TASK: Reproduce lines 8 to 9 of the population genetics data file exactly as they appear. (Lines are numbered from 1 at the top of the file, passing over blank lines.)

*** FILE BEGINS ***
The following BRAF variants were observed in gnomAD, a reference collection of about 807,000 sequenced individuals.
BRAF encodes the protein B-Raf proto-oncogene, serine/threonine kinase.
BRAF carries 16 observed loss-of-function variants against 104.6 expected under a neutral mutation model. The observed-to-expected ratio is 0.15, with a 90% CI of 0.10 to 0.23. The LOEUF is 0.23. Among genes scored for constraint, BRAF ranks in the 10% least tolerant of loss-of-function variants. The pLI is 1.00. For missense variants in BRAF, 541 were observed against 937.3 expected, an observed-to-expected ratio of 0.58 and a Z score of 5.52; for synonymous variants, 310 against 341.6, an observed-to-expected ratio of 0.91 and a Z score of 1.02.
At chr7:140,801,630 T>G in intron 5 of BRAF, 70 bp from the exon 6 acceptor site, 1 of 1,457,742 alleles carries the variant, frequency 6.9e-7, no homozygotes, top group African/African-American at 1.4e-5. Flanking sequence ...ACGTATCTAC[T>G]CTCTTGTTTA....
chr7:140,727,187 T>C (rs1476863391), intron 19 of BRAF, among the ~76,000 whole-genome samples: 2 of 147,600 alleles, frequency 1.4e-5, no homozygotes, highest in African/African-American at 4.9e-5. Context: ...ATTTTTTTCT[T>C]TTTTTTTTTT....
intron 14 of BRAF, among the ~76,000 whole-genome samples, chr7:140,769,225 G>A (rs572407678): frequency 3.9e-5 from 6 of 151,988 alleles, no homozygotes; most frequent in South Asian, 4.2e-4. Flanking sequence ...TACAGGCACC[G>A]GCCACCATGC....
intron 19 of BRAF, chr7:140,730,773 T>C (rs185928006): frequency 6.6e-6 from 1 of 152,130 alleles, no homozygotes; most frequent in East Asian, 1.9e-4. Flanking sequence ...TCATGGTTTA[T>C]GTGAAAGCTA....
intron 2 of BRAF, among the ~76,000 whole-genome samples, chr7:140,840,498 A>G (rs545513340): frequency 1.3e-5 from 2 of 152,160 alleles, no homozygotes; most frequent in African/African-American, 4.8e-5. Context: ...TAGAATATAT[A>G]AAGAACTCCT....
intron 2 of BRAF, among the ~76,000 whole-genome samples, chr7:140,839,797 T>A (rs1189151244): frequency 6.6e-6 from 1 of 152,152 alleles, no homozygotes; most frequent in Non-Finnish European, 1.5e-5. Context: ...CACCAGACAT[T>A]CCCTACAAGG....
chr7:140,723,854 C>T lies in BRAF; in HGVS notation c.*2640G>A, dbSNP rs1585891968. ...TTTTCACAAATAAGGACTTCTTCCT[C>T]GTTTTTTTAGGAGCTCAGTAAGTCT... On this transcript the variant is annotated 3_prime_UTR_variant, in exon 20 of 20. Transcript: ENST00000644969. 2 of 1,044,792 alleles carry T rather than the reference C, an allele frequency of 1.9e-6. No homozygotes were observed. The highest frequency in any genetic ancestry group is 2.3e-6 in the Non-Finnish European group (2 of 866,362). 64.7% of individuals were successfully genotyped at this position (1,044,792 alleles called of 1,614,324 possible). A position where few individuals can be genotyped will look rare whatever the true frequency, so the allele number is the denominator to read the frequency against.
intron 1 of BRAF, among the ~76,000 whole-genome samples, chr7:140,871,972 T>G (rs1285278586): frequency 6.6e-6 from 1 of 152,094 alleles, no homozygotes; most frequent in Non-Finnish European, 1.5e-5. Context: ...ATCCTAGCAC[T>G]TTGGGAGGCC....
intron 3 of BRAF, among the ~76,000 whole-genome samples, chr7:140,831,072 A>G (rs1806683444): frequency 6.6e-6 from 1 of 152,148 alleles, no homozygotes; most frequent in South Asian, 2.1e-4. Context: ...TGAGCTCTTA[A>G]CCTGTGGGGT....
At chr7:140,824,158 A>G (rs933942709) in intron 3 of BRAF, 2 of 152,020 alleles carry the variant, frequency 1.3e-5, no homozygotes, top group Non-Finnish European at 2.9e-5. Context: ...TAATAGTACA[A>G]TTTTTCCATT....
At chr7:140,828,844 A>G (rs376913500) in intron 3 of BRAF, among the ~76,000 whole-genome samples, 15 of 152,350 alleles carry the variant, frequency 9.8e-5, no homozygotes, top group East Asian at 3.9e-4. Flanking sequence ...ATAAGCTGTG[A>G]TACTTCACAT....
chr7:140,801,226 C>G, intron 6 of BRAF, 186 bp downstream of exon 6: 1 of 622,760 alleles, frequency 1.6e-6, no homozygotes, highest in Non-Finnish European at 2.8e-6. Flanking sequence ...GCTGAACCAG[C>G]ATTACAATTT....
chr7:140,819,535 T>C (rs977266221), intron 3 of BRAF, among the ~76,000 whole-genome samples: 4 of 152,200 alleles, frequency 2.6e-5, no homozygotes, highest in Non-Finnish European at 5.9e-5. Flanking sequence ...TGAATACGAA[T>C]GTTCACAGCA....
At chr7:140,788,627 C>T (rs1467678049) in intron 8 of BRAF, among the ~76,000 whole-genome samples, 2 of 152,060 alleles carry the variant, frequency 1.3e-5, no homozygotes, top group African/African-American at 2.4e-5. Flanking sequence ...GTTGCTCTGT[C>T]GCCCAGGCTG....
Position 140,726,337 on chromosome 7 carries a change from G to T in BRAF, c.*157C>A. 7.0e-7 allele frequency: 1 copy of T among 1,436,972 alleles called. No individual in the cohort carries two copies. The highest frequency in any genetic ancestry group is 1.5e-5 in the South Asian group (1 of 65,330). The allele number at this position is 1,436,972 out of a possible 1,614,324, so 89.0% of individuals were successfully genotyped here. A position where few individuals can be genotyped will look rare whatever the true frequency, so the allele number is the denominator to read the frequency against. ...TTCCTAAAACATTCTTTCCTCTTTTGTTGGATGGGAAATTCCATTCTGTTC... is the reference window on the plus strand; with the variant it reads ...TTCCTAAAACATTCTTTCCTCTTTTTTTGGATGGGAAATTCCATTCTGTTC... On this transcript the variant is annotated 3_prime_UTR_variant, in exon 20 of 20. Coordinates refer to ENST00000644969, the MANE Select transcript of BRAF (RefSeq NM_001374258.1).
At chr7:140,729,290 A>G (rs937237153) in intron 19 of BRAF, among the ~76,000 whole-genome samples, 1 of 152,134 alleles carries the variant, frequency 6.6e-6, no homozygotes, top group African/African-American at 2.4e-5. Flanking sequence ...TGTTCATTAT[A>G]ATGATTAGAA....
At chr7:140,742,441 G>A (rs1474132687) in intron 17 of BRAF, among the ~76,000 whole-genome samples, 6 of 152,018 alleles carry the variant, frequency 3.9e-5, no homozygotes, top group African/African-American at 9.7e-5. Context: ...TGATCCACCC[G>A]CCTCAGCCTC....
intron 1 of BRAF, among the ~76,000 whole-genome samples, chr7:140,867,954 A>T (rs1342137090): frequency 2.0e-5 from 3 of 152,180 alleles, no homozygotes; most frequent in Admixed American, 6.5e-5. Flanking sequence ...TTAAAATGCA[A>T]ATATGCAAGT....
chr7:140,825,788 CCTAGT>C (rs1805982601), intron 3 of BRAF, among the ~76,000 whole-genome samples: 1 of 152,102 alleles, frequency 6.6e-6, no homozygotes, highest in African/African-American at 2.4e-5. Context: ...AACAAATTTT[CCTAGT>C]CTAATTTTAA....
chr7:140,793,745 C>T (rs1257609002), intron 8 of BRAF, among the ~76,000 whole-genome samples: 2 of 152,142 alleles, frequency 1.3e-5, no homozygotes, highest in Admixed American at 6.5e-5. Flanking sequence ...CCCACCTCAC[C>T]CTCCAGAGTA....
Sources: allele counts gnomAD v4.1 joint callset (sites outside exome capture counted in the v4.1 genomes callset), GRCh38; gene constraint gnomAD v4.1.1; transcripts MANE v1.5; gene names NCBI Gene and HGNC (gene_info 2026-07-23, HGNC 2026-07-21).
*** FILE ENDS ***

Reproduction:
intron 2 of BRAF, among the ~76,000 whole-genome samples, chr7:140,840,498 A>G (rs545513340): frequency 1.3e-5 from 2 of 152,160 alleles, no homozygotes; most frequent in African/African-American, 4.8e-5. Context: ...TAGAATATAT[A>G]AAGAACTCCT....
intron 2 of BRAF, among the ~76,000 whole-genome samples, chr7:140,839,797 T>A (rs1189151244): frequency 6.6e-6 from 1 of 152,152 alleles, no homozygotes; most frequent in Non-Finnish European, 1.5e-5. Context: ...CACCAGACAT[T>A]CCCTACAAGG....